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'I will never leave the labor movement.'

Berry Craig
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EDITOR'S NOTE: This is the first in a series of stories on the just-ended Kentucky State AFL-CIO's 35th biennial state convention.


AFT Retired

Bill Londrigan admitted it was tough stepping down as president of the Kentucky State AFL-CIO.

"It's also been the greatest honor of my life to be your president for the past 24 years, alongside so many dedicated trade unionists, and have the opportunity to uplift Kentucky's hardworking men and women," he said at the close of the labor group's two-day, 35th biennial convention in Lexington on Tuesday. The gathering united delegates from the state's AFL-CIO affiliated unions.

Delegates elected Londrigan's successor, Dustin Reinstedler, without opposition. Londrigan swore him in.

Reinstedler is president of the Kentucky State Building and Construction Trades Council and vice chairman of Bricklayers Local 4, Indiana/Kentucky.

Londrigan will stay on through February to help Reinstedler transition into the job.

Londrigan said serving as president "has truly been a labor of love." He expressed his gratitude for an abundance of support and love "during our journey together to revive the spirit and purpose of the great state AFL-CIO and the Kentucky labor movement."

Londrigan became president in 1999 following a widely-publicized embezzlement scandal that swirled around Ron Cyrus, the federation's executive secretary-treasurer.

Londrigan thanked present and past executive board members who served under him, singling out United Mine Workers of America retiree Joe Holland, who was the AFL-CIO's Kentucky director. He acknowledged Holland and a handful of others present who "were with us from the very beginning and made all the difference in putting this organization back on track."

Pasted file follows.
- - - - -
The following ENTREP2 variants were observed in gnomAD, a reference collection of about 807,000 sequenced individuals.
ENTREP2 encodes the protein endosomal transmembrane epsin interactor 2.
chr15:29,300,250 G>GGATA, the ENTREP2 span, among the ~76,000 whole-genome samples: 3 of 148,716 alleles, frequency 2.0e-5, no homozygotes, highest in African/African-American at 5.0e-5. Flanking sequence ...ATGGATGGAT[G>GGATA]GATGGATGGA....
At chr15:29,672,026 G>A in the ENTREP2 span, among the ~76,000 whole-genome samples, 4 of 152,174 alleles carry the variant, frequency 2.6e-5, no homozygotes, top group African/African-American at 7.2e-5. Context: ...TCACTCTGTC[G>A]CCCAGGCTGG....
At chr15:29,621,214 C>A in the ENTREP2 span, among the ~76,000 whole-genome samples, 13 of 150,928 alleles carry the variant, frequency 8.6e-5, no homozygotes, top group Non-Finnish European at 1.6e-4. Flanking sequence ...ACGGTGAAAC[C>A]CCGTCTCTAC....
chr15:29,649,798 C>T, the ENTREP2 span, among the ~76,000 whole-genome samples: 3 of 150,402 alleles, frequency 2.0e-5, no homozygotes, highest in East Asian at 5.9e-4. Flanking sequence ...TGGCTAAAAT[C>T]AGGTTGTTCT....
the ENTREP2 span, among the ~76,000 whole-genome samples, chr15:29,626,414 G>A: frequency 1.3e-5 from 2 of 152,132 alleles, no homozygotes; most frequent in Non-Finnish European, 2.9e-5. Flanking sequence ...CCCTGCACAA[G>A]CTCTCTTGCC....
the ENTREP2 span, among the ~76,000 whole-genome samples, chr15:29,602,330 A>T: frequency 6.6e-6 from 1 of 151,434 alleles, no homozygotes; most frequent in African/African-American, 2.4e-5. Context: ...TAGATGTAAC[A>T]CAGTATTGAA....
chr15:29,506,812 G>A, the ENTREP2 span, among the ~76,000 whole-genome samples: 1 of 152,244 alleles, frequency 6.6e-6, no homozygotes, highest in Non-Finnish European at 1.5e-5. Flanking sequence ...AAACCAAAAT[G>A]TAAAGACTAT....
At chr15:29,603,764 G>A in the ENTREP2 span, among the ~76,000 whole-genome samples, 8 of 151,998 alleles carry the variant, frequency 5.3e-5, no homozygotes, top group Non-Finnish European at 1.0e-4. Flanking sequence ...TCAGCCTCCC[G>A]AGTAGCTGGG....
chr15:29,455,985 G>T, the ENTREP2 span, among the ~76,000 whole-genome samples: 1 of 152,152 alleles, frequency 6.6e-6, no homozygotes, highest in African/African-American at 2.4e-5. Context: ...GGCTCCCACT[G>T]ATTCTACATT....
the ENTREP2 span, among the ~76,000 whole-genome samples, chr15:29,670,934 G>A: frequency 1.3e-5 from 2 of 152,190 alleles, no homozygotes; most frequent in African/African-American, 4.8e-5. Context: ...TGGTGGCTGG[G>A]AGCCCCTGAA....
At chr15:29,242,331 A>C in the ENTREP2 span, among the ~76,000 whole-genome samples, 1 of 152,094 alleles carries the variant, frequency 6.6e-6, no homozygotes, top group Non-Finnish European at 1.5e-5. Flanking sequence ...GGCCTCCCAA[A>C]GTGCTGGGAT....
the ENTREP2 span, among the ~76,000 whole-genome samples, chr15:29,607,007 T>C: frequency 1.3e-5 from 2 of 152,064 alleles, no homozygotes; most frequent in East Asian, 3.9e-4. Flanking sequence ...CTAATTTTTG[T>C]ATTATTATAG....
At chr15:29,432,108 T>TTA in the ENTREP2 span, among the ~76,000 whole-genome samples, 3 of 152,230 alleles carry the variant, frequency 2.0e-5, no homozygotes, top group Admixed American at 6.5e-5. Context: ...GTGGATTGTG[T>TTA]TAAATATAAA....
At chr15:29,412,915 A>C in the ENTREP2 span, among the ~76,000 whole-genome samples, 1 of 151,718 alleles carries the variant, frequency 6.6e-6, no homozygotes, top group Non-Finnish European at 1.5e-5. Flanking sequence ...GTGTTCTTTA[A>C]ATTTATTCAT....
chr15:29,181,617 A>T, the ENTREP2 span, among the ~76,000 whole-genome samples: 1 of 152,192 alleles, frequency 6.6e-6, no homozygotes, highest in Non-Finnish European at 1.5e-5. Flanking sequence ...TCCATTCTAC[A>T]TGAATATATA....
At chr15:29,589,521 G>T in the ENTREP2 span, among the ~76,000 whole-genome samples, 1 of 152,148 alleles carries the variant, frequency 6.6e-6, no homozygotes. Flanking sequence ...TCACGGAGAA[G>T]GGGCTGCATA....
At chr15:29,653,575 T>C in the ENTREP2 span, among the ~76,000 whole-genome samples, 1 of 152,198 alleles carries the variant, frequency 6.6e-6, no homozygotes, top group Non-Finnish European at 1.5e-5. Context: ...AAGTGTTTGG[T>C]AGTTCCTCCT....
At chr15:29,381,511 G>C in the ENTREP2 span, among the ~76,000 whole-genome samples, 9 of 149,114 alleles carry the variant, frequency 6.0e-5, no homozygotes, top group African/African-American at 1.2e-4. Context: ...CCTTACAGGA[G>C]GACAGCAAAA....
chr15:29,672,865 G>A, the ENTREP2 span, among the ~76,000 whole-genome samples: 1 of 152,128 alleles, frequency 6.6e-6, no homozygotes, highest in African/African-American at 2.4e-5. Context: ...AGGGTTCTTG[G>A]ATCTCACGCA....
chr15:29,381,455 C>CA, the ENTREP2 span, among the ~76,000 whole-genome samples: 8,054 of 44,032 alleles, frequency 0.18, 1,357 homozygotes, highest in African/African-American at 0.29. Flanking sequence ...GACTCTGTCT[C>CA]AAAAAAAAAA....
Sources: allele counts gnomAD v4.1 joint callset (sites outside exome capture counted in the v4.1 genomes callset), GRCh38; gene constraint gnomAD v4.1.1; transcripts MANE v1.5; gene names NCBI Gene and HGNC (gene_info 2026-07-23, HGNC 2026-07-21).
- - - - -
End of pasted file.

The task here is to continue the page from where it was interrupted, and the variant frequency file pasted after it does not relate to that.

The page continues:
After the outgoing president called Holland's name, the Vietnam combat veteran mounted the stage and recalled how "Billy" Londrigan set out to rebuild the shattered labor federation during "terrible, terrible times." He remembered that Londrigan traveled from union hall to union hall "with his hat in his hand because he started out from nothing." 

Holland said Londrigan rallied the state's affiliate unions, which formed a leadership committee. The group helped him restore trust and confidence in the federation, which today is one of the strongest and most active state labor groups in the South. Most recently, the Kentucky State AFL-CIO endorsed and helped reelect a Democratic governor, Andy Beshear, in one of the country's reddest Republican red states. Beshear visited the convention and thanked the federation Tuesday morning.    

"I was with [Londrigan]...when he started and I'm with him when he ends," said Holland, adding, "Billy, on behalf of the United Mine Workers, on behalf of the labor movement and on behalf of all of us, you have meant so much to the people of Kentucky, to the working people, but especially to our union...Every time that we have ever looked towards you, you've been there. We thank you, brother. We love you and good luck to you in the future."

After a standing ovation, Londrigan continued. "I know that Kentucky's labor family will rise to the occasion [under] a new president who will take our state labor federation and Kentucky's labor movement to greater heights, honor the labor movement's history and achievements and carry on the tradition of fighting for what's right. 

His last line brought another standing ovation: "So while I will be leaving my position as president I will never leave the labor movement."